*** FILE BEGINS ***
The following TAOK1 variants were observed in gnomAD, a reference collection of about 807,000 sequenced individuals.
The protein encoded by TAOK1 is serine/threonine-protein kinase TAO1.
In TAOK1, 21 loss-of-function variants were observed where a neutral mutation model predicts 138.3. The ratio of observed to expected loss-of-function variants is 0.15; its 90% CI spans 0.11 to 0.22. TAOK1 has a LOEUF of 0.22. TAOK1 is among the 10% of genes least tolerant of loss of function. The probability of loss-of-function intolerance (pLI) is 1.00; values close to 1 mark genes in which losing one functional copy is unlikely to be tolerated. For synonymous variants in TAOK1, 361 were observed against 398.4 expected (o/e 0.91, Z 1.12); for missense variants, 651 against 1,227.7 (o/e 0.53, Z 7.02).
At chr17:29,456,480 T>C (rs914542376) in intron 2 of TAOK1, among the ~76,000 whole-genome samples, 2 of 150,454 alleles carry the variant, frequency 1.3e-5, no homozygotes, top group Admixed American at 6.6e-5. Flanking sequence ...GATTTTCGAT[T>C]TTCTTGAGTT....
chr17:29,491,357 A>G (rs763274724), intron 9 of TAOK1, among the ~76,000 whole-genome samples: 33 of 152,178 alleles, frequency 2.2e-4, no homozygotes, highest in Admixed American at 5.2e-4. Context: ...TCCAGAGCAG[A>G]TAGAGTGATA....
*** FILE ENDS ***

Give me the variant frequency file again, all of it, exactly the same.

The following TAOK1 variants were observed in gnomAD, a reference collection of about 807,000 sequenced individuals.
The protein encoded by TAOK1 is serine/threonine-protein kinase TAO1.
In TAOK1, 21 loss-of-function variants were observed where a neutral mutation model predicts 138.3. The ratio of observed to expected loss-of-function variants is 0.15; its 90% CI spans 0.11 to 0.22. TAOK1 has a LOEUF of 0.22. TAOK1 is among the 10% of genes least tolerant of loss of function. The probability of loss-of-function intolerance (pLI) is 1.00; values close to 1 mark genes in which losing one functional copy is unlikely to be tolerated. For synonymous variants in TAOK1, 361 were observed against 398.4 expected (o/e 0.91, Z 1.12); for missense variants, 651 against 1,227.7 (o/e 0.53, Z 7.02).
At chr17:29,456,480 T>C (rs914542376) in intron 2 of TAOK1, among the ~76,000 whole-genome samples, 2 of 150,454 alleles carry the variant, frequency 1.3e-5, no homozygotes, top group Admixed American at 6.6e-5. Flanking sequence ...GATTTTCGAT[T>C]TTCTTGAGTT....
chr17:29,491,357 A>G (rs763274724), intron 9 of TAOK1, among the ~76,000 whole-genome samples: 33 of 152,178 alleles, frequency 2.2e-4, no homozygotes, highest in Admixed American at 5.2e-4. Context: ...TCCAGAGCAG[A>G]TAGAGTGATA....